Yom Kippur, a Day of Reflection

Commentary by KAY MATTHEWS

Today is Yom Kippur, the Day of Atonement for Jewish people. It ends the high holy days that began with the new year, Rosh Hashanah, and is usually observed with a fast and thoughts or prayers of repentance and reflection upon one’s wrongs against God, if you so believe, or other human beings. I want to observe this year’s Yom Kippur with a reflection on Israel.

I grew up in an assimilated Jewish household. I married into a secular Jewish family, and my kids were raised without religion. I am a staunch anti-Zionist. With this revelation I would no doubt be labeled a self-hating Jew by members of the American Israel Public Affairs Committee, or AIPAC, Israel’s head cheerleader in this country.

How did this lobby become so powerful? Why do otherwise liberal and progressive Jews hold their tongue when it comes to critiquing Israeli policies or Zionism? Why do they continue to let a Holocaust culture excuse Israeli and American imperialism that helps create real anti-Semitism?

I don’t really have the answers to these questions, but oddly enough they remind me of the norteño battles we had in the environmental community, most of whose members considered themselves progressives, between the so-called deep ecology enviros who spoke in terms of “nature” with an almost spiritual reverence that somehow kept it apart from the messier world of human beings, and those of us who tied environmental degradation to a hierarchical and exploitative system that perpetrates economic, environmental, and social injustice upon us all. Because of our advocacy for land-based community access to forest resources, the enviros labeled us “Wise Use” dupes, equated with the industry groups that lobbied for their own unfettered access to natural resources.

Wise Use and self-hating Jew? It’s this kind of reductive thinking that morphs into moralism and fundamentalism and keeps getting us into trouble. If environmentalists see humans as a “scourge” upon the planet it’s not so much of a stretch for Zionists and their supporters to see Palestinians as a “scourge” upon Jewish society. And I’m making the distinction here between Zionists and Israelis, and in particular, their government. Just as many in the United States felt like leaving this country after the election of George W. Bush in 2000 to demonstrate to the rest of the world that he wasn’t their president, Israeli refusniks, those who refuse to participate in the military actions against the Palestinians, travel around this country speaking out about the peace movement in Israel and Palestine. That both the U.S. and Israeli governments, along with the mainstream media, keep this quiet serves their Middle East goals of neoliberalism and western control. (See NYT interview with the President of Egypt, Mohamed Morsi.)

Lately, the moral judgments in both countries seem to have reached their zenith. The rise of the Christian right in the U.S. and the ultra-Orthodox Jews in Israel go hand in hand, of course. The “Moral Majority” and other fundamentalist Christian groups are big supporters of the ideological settlers who, with the blessing of the Jewish government, refuse to move from, and continue to build on, Palestinian lands on the West Bank as a colonial statement. Haredi, members of an ultra-Orthodox sect, have long served in the Knesset, Israel’s parliament, but have recently been trying to pass legislation that would codify some religious rules. Sound familiar? Paul Ryan, Rick Santorum, Michele Bachman and others of our political right would love to see their “Christian values” codified in the USA.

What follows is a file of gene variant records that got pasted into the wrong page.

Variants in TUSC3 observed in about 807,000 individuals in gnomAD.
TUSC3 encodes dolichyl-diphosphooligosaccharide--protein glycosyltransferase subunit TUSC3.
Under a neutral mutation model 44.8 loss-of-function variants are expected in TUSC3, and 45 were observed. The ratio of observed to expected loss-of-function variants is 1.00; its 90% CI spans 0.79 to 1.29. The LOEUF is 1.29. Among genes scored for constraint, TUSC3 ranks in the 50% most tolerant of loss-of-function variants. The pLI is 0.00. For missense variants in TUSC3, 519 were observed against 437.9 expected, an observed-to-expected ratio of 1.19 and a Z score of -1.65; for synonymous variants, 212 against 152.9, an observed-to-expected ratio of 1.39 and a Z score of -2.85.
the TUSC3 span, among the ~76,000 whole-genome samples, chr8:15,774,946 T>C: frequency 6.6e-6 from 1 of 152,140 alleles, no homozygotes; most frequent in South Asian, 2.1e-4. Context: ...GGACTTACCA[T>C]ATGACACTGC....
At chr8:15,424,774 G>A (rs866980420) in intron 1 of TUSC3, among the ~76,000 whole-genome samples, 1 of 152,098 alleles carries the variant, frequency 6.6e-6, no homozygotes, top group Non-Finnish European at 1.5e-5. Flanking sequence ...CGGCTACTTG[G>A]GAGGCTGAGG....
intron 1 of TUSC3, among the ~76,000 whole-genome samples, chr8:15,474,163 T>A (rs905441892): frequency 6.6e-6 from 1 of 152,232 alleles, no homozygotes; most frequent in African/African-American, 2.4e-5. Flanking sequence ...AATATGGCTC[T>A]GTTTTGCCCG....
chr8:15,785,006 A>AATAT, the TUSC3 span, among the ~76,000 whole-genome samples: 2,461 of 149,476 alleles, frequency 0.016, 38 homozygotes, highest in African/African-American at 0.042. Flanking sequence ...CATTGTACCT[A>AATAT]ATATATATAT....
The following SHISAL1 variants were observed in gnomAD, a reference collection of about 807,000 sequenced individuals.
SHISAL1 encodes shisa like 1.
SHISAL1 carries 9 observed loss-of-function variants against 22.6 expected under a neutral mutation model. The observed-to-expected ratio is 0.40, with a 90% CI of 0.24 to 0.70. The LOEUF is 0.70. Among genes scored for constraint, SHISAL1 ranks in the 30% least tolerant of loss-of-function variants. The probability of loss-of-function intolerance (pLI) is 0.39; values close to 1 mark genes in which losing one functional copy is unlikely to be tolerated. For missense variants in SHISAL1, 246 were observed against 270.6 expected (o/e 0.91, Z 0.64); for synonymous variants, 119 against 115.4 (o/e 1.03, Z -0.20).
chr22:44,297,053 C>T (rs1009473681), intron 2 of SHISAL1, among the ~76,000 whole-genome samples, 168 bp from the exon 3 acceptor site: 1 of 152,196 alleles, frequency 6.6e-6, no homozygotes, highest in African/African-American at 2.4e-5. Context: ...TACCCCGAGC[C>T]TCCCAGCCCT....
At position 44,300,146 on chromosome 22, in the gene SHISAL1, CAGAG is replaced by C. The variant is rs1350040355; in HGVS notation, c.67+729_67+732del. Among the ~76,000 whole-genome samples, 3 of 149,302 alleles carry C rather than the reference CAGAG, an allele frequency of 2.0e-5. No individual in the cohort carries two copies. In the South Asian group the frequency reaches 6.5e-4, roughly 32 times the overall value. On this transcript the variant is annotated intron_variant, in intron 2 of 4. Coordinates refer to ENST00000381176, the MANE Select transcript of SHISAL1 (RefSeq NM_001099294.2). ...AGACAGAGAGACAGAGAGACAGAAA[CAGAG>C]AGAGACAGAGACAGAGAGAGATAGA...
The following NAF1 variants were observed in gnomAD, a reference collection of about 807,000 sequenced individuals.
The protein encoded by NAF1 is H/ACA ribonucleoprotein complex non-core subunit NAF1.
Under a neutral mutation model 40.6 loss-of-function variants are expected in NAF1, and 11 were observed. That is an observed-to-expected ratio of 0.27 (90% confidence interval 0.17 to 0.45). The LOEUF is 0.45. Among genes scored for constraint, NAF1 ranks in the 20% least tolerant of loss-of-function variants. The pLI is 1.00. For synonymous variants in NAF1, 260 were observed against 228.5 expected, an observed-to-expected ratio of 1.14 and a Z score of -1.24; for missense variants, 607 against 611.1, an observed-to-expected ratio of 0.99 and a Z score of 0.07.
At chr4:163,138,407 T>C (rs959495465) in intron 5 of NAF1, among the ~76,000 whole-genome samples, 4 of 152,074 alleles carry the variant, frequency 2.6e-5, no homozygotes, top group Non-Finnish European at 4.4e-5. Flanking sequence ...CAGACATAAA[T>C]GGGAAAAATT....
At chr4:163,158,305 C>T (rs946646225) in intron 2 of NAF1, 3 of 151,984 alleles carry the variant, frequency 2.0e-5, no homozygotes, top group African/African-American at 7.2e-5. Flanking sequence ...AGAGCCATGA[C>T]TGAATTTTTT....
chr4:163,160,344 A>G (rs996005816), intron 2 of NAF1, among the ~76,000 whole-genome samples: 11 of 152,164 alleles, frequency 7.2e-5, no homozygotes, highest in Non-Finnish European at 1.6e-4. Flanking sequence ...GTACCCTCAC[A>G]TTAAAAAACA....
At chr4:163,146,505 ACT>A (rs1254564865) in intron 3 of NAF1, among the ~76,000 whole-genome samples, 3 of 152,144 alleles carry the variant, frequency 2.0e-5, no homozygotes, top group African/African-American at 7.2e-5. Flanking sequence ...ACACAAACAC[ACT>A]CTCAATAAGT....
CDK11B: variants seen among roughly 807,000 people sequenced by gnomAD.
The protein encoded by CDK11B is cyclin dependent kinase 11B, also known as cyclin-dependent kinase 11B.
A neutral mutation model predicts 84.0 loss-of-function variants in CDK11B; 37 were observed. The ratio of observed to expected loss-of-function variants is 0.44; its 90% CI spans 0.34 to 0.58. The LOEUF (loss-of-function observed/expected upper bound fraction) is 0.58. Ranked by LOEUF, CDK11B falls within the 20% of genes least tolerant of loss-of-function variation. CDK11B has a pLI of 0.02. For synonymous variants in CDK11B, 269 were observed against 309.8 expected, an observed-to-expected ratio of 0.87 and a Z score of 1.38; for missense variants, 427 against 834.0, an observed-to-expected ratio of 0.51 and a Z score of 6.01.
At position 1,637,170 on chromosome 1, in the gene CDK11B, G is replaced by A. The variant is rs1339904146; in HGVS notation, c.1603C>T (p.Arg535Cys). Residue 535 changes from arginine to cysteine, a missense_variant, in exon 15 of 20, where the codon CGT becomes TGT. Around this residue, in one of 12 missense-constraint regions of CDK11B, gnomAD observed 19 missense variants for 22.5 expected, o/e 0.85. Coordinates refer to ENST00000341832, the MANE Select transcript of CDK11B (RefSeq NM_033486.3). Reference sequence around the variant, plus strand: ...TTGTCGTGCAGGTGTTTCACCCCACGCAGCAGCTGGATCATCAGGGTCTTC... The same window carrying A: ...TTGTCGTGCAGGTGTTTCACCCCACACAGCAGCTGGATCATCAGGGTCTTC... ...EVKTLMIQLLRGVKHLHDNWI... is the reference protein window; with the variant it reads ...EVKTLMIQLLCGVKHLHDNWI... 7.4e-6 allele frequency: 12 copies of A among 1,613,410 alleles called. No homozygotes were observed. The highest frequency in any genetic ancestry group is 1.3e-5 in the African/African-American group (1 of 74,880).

Yousef Manasra, 87, raises his cane in frustration as he looks at the Beitar Illit settlement on the hill above the Palestinian village of Wadi Fukin on December 30, 2009. “As much as life squeezes us … we are still holding on tightly to our land, still holding on to our homeland,” he said. Photo by Jakob Schiller

Meanwhile, imperialist policies in the Middle East and the Messianic rise of the religious right all over the world—including the Islamists—only exacerbate the Palestinian/Israeli impasse. Before he died, Columbia University professor, author, and activist Edward Said had come to the conclusion that a two-state solution to the problem would never work. The only hope was for a one-state homeland to both Arabs and Jews, where an elected government could actually represent the interests of the Palestinian population. That will probably never happen in my lifetime. Palestinian political disorganization and lack of leadership are no match for the Zionist and Israeli guiding principle, aided and abetted by the U.S.

I don’t mean to end this essay on a cynical note, so on this day of reflection I dismiss the reductive Wise Use and self-hating Jew labels and the assaults on secular, civil society, which ultimately are ways of avoiding political discussion. Instead, I affirm, in the words of that wild and crazy guy, Terry Eagleton: “You may want to stage your own signifying practices to enrich, combat, modify or transform the effects which others’ practices produce.” In other words, keep on truckin’.

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One comment

  1. Well said, Kay. The hardest part of any political movement is keeping it from moving to the extreme. Requires sensitivity, humility, and willingness to compromise – qualities that seem in short supply on today’s political scene. But maybe they always were scarce.

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